So back to the HTC Desire, some first impressions…
- It looks good, feels good
- Nice bright responsive screen
- Call quality is good
- Better quality camera than I expected
- The main reason for getting this device – Flash based apps are allowed!
The not so good (compared with my iPod Touch experience)
- There are too many buttons. I find myself pressing the wrong one most of the time. Sometimes a button press is required. Sometimes not. The whole thing is less intuitive than the iPod Touch with it’s single button.
- It seems all too easy to initiate a call at random while scrolling through the contact list.
- Text selection/cursor positioning is awful
- There is no out of the box easy way of syncing Address book, Calendar, tunes, photos etc with my Macs. Looks like I need to purchase Missing Sync. That said, I did previously purchase Mobile Me to keep my Mac / Mac Book Pro and iPod Touch all in sync.
- The Mail application is crap. I use a self-signed SSL certificate on my mail server, so I immediately hit the problem of a silent fail when trying to add connection details to the mail application. The hack in the forum thread worked in fixing it, i.e. turning off my router’s WAN connection, while inputting the connection details. Also it doesn’t list the mail folders on the server – all I get is the inbox. Apple’s Mail app by comparison is a doddle and reflects the structure of my mail account.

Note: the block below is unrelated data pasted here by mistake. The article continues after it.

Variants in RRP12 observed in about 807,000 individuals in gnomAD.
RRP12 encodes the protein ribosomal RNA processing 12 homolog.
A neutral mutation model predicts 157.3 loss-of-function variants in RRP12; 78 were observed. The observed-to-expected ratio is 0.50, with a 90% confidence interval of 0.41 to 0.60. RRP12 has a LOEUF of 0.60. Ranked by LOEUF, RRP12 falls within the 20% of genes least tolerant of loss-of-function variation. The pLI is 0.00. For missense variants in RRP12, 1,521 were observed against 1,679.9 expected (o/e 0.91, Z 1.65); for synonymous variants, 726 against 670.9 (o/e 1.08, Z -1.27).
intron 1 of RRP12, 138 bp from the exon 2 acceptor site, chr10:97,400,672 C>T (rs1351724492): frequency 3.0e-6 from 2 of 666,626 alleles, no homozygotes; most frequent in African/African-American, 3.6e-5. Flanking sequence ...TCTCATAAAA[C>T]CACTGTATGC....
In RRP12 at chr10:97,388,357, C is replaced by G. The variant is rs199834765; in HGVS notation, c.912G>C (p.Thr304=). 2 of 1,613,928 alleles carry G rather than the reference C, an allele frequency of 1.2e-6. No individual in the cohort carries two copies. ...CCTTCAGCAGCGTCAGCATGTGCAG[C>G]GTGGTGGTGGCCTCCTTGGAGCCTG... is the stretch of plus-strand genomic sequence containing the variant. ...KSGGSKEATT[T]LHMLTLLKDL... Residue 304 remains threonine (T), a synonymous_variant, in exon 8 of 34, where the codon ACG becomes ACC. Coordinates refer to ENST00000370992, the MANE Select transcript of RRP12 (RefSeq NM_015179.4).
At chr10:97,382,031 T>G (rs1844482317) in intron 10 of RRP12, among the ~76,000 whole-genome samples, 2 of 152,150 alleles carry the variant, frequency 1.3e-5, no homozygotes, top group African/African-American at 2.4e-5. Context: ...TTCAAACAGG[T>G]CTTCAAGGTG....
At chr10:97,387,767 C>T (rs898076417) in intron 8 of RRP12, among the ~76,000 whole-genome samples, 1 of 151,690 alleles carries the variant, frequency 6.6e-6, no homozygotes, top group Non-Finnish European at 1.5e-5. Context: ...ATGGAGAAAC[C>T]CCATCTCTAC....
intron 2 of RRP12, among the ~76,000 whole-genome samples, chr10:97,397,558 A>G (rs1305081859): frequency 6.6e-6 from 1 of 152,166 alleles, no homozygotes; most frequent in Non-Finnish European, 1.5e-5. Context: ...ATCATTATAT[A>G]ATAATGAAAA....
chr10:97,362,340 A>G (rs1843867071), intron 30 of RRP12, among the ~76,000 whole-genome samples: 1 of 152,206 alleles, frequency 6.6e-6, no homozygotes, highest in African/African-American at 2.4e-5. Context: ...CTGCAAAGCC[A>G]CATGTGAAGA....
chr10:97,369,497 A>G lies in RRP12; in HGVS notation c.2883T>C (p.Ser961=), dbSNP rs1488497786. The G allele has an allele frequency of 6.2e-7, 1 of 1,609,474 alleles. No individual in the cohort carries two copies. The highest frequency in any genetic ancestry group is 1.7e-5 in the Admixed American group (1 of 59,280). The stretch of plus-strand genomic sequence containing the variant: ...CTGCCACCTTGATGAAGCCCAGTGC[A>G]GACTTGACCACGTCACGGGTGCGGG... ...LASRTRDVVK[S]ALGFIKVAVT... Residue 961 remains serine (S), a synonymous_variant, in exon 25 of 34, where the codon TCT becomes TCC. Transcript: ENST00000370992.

Fingers crossed for Android 2.2.
Anyway, looking forward to setting up some kind of tether to share the data connection with my MBP and more importantly getting something running in AIR for Android on there.
Observing and requesting better support for panning (horizontal as well as vertical scrolling) in Flash player across all OS platforms and runtimes via ubiquitous input devices.
The documentation is correct, so i have no excuse, but I didn’t initially read much beyond the signature of the constructor…